Alcohol may have been a contributing factor when a motorist drove into an encampment of unhoused people early Sunday in Salem, Oregon, killing four, police said.
A preliminary investigation suggests the driver plowed into the encampment around 2 a.m. (5 a.m. ET) after veering off the road, the Salem Police Traffic Team said Sunday in a news release.
Two people were pinned under the car and died at the crash scene, while two others died after being taken to a hospital, police said. Two other people remain hospitalized with life-threatening injuries.
The driver was taken by ambulance to a hospital, police said.
Those killed ranged in age from 21 to 54, police said Monday.
Police arrested the 24-year-old driver on charges including four counts of first-degree manslaughter, second-degree assault, third-degree assault and six counts of reckless endangerment, they said in an earlier news release.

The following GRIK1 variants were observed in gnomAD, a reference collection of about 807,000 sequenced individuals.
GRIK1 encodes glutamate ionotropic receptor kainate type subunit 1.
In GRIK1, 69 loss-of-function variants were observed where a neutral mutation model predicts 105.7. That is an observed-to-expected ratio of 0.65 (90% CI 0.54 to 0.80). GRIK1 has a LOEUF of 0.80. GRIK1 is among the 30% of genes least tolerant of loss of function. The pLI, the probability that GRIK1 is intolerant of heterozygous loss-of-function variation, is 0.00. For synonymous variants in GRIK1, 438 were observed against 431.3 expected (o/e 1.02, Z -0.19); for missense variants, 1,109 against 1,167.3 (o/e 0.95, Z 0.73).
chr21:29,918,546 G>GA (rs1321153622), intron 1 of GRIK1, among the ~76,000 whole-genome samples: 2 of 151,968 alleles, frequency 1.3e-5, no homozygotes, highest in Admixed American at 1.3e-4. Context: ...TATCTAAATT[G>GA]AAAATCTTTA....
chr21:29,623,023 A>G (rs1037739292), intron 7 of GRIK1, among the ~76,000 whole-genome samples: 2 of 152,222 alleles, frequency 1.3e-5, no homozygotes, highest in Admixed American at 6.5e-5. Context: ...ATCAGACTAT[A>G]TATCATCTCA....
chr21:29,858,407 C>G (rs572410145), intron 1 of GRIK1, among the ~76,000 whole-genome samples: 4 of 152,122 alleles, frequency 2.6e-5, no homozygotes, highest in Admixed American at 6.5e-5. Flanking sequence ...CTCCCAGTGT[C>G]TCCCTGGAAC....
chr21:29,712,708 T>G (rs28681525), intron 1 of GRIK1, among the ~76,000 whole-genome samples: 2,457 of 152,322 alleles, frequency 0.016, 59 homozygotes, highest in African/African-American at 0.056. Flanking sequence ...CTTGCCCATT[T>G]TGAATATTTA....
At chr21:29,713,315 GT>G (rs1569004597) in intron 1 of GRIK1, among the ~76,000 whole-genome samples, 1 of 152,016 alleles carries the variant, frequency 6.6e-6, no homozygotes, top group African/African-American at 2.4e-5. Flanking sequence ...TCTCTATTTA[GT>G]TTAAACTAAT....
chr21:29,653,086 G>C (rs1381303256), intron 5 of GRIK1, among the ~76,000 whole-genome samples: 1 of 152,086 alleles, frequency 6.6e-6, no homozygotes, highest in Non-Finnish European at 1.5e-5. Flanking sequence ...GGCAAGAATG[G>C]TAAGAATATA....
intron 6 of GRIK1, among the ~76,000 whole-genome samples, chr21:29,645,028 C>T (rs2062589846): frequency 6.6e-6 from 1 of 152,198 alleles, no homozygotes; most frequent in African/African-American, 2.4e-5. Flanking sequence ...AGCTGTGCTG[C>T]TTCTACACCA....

He is being held at the Marion County Jail, police said. It was not immediately clear whether he has an attorney.
CNN has reached out to the Marion County District Attorney’s Office for more information.
After the crash, officers helped several uninjured people at the encampment collect their belongings and provided shelter assistance, police said. Three people were taken to a motel, according to the earlier release; the exact number of people and tents at the encampment wasn’t known.
“The City of Salem’s homeless advocacy partners were also contacted in an effort to get the members of our unsheltered community connected to needed resources as a result this tragedy,” the release said.
Police Chief Trevor Womack said in a statement Monday:
“Sunday’s crash was such a tragic incident. The members of our Traffic Team did a tremendous job of quickly working through the investigation to make an arrest and in our effort to bring justice to the victims and their families. Our department will continue working with our social service partners and supporting them in any way possible as we move forward together with our community.”
CNN’s Hannah Sarisohn and Susannah Cullinane contributed to this report.